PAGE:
The Role of Business In Managing Global Water Shortages
One of the biggest causes of ecological degradation around the world is the over-abstraction of water taken from aquifers, rivers, lakes and chalk streams.
And global businesses are by far the biggest water users of them all, with almost two-thirds of water consumption being used to support corporate supply chains.
The Nature Conservancy highlights the fact that there have been numerous events around the world that have seen water shortages and pollution cause serious disruption to business operations, or causing damage to brand reputations.
For example, protests in Kerala in India saw Coca-Cola forced to shut down one of its bottling plants in 2005 after a local villager claimed that its operations had caused the wells to dry up, as well as polluting soil and groundwater with sludge disposal. This, in turn, led to an anti-Coke campaign being carried out at universities as far away as the US.
And manufacturers had to stop buying cotton grown in the Aral Sea region, because irrigation diversions reduced the sea to a quarter of its size and chemical-laced dust and salt blown in from the lakeshore went on to cause an outbreak of cancer.
By 2030, UN predictions indicate that demand for water will outstrip supply by 40 per cent, driven by population growth, climate change, more frequent and intense extreme weather events, over-exploitation of resources, water mismanagement, ageing infrastructure and pollution.
Because water is a shared resource, it will be imperative for collective action to take place – particularly from a business perspective. The World Economic Forum goes into detail on this topic, suggesting that what’s necessary is “concerted, collective action” to make sure there is sufficient water for everyone in the future.
“The competition for scarce water resources is not a battle the corporate world can resolve by working alone. To stay in business, maintain good relations with local communities and protect their licence to operate, it makes much more sense for businesses to join forces to preserve water resources and protect basins that are at risk,” it was observed.
To that end, the Water Resilience Coalition has been set up, a CEO-led initiative of the CEO Water Mandate, which is a collaboration between the Pacific Institute and the UN Global Compact.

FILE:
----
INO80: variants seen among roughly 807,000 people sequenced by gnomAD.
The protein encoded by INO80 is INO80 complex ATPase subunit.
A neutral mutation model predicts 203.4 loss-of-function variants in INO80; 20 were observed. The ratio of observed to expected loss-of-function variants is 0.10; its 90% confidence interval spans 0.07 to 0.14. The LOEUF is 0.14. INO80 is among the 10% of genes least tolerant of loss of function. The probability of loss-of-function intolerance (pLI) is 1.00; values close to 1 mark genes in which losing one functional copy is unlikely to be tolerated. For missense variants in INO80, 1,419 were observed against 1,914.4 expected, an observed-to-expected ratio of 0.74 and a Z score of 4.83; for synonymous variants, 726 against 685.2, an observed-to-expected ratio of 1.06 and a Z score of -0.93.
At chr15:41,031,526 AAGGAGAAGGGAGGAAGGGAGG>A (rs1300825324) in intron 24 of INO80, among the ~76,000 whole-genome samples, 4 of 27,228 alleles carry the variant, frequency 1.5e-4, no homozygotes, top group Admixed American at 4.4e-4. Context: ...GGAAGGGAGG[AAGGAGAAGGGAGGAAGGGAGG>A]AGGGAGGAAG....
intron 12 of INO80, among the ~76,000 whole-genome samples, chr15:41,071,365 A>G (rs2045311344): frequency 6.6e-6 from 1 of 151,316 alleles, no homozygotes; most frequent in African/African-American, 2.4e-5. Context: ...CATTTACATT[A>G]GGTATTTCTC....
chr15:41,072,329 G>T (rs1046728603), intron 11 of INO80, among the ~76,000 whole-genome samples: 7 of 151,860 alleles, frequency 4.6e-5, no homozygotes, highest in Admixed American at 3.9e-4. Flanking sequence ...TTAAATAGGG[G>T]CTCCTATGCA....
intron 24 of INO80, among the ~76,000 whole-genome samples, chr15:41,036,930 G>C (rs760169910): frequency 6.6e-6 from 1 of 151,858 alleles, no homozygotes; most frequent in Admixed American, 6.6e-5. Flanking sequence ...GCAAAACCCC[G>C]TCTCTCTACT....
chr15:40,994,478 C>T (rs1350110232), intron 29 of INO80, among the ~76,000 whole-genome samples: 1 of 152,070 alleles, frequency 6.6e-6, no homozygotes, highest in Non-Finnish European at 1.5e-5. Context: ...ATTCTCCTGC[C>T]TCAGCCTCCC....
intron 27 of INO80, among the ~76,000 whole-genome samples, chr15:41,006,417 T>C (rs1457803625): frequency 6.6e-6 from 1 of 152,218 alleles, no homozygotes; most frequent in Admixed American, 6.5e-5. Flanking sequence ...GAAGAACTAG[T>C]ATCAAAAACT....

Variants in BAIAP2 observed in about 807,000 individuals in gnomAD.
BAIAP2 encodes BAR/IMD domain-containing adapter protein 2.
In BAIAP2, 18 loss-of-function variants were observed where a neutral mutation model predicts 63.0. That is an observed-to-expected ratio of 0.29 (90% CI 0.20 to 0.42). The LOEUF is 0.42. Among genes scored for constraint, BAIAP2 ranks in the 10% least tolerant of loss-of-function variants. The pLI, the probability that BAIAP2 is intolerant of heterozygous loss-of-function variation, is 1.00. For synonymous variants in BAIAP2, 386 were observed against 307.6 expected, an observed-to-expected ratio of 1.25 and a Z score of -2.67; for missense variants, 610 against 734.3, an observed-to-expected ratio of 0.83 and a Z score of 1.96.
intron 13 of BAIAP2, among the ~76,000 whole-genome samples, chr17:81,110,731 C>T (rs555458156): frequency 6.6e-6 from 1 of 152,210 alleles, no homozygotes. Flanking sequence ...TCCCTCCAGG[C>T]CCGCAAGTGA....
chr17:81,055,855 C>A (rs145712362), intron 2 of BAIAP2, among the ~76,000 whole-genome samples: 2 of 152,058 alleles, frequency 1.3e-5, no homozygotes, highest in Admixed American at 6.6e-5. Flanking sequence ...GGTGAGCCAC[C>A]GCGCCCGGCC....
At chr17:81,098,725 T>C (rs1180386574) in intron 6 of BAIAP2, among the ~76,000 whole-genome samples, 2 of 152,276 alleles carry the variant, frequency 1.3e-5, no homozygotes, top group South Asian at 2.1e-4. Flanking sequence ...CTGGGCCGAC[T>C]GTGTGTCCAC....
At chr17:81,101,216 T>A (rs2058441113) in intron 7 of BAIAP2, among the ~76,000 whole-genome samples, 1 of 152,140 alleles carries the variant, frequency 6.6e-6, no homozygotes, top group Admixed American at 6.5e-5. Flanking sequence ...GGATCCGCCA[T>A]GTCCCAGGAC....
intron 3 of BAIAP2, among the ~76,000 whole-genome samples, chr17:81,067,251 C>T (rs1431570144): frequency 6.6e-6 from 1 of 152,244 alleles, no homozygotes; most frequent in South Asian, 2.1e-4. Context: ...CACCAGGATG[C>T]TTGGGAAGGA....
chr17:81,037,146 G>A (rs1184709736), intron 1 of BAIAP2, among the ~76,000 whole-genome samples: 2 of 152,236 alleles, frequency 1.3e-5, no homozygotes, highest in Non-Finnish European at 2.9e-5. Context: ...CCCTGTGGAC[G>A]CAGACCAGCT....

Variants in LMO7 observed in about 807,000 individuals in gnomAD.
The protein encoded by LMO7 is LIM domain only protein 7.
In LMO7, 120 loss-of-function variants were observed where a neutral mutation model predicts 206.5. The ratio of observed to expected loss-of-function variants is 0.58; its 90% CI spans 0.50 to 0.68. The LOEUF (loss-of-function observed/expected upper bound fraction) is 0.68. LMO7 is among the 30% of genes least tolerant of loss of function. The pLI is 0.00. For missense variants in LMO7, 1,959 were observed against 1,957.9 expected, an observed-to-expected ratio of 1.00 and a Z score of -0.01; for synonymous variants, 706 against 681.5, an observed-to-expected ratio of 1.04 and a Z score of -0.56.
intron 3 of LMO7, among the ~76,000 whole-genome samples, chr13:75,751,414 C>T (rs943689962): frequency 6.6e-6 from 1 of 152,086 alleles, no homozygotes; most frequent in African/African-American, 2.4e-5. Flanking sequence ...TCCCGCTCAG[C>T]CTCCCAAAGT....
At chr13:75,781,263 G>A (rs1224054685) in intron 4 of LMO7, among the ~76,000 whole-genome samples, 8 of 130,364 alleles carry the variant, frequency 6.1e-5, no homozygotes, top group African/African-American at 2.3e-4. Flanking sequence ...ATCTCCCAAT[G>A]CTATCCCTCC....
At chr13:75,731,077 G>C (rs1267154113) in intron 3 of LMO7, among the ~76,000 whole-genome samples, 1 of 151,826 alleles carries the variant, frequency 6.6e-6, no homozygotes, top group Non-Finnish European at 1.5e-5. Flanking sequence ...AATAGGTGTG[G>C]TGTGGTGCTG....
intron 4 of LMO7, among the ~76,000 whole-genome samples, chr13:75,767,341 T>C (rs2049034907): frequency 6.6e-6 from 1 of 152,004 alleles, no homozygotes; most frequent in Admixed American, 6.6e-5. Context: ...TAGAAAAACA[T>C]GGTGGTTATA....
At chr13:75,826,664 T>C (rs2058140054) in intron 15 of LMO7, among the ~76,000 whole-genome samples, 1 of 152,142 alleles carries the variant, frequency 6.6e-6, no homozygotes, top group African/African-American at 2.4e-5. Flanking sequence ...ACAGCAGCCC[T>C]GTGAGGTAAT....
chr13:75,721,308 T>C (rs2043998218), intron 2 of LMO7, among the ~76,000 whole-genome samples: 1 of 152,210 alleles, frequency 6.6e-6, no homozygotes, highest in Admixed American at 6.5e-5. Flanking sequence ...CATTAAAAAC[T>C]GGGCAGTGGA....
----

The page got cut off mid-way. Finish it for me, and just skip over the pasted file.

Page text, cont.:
By joining this group, businesses are committing to preserving freshwater resources around the world in three different ways. First of all, they’ll achieve this by achieving net positive water impact in water-stressed basins they operate within, ensuring that their contributions surpass the water stress impact they have.
Businesses in the coalition also pledge to support water resilience throughout their entire supply chain and, thirdly, to work to raise awareness of water-related issues through both corporate and public advocacy.
Big-name brands have already made good progress in this regard. For example, Levi Strauss now uses up to 96 per cent less water for its denim finishing processes than it used to – and has successfully saved over three billion litres of water thus far.
And tech corp Microsoft recently tested out a submarine data centre, which eliminates the need for freshwater cooling processes altogether.
Thus far, 27 prominent businesses have signed up to the coalition, but the goal now is to increase this to 150 to enjoy even greater influence over global water use.
By 2030, the aim is to have a positive water impact in 100 basins facing water stress issues and to ensure access to safe water and sanitation for over 300 million people.
How to improve your water stewardship
Without taking action now, businesses run the risk of serious operative disruption in the future – but the good news is that there are lots of ways in which corporate water stewardship can be improved.
Recognising just how essential water is to your operations is a must, as well as understanding how lack of access to resources in sufficient quantities or of the right quality could have a significant impact – no matter what industry or sector you’re in.
By becoming a water steward, you will gain a deeper understanding of your own water usage and consumption within the context of your particular water catchment, as well as the risks involved in water balance.
Once you’ve considered all the risks associated with water, including regulatory, financial, reputational and physical, you will then be able to introduce the most effective strategies to minimise the risks relevant to you, ensuring that your business remains resilient and robust – and operating in a more sustainable way over the long term.
A great first step to take towards improving your water stewardship is to have a water audit carried out across your site. This will show you how and where you use water and which measures you need to take in order to reduce wastage.
You could also have a water footprint assessment carried out so you can see your direct and indirect usage habits and set achievable targets in place to help you drive your footprint down.
The Alliance for Water Stewardship has a global standard for water stewardship that could prove interesting reading, a globally applicable framework designed for major water users to help them understand their water use and the impacts it has.
It also provides guidance on collaborative and transparent ways of working to prioritise water management within catchments, with the aim being to deliver social, environmental and economic benefits at scale.
If you’re not sure where to begin and feel as though you need a bit of help and guidance, get in touch with the team here at SwitchWaterSupplier.com today to see how we can help support you in your drive to become more water efficient now and well into the future.